post-up iptables-restore < /etc/iptables.rules

The important line that you need to add is the one starting with post-up.

At this point you should be able to establish an IPSec connection from a client -although we still need to sort out the authentication side- so it’s a good time to test this before going ahead:

ipsec verify

If all went well -and there are no problems with the version of the kernel you are using- you should see something like the following:

Checking your system to see if IPSec got installed and started correctly:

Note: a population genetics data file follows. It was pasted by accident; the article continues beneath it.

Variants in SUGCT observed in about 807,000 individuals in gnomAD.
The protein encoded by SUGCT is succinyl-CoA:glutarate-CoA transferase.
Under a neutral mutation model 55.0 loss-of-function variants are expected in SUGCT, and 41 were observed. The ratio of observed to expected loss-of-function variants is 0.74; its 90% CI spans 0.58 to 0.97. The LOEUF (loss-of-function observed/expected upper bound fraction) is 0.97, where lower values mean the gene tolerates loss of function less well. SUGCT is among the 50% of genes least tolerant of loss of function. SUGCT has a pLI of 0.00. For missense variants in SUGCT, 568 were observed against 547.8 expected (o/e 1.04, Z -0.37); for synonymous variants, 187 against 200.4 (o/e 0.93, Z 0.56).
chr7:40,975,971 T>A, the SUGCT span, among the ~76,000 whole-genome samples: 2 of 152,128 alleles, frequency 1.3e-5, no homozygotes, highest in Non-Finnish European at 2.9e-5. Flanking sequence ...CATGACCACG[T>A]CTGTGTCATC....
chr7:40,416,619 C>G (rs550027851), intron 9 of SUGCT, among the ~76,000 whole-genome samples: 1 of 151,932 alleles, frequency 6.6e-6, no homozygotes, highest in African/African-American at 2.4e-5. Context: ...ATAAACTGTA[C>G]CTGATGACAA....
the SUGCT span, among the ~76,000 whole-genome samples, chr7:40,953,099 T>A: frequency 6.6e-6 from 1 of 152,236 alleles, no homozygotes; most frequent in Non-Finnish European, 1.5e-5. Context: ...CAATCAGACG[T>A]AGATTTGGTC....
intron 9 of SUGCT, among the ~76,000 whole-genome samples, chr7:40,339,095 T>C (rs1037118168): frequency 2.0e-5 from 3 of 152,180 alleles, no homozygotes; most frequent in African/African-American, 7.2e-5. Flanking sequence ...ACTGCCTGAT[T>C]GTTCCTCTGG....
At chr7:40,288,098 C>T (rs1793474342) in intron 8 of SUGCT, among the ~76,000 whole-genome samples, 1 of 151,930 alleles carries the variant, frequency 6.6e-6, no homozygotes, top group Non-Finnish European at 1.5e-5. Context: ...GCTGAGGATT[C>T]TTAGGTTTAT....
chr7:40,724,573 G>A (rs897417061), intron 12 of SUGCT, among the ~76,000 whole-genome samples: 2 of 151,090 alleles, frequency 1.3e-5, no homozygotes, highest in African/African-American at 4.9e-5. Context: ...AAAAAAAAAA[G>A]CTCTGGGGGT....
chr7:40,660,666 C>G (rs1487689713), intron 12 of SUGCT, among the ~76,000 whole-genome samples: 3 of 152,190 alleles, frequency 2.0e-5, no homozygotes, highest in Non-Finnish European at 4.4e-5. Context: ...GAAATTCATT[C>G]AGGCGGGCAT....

Version check and ipsec on-path [OK]
Linux Openswan U2.6.28/K2.6.32-5-686 (netkey)
Checking for IPSec support in kernel [OK]
NETKEY detected, testing for disabled ICMP send\_redirects [OK]
NETKEY detected, testing for disabled ICMP accept\_redirects [OK]
Checking that pluto is running [OK]
Pluto listening for IKE on udp 500 [OK]
Pluto listening for NAT-T on udp 4500 [OK]
Checking for 'ip' command [OK]
Checking for 'iptables' command [OK]
Opportunistic Encryption Support [DISABLED]

I can’t remember how to set up an L2TP IPSec VPN client on Windows or Linux desktop, but here’s how to do it on Mac: go to System Preferences -> Network, and create a new connection by clicking on the + button. When you’re asked for the type of the connection you want to create, choose VPN and leave the default type selected, in order to configure an L2TP IPSec VPN connection. Then give your connection whatever name you prefer: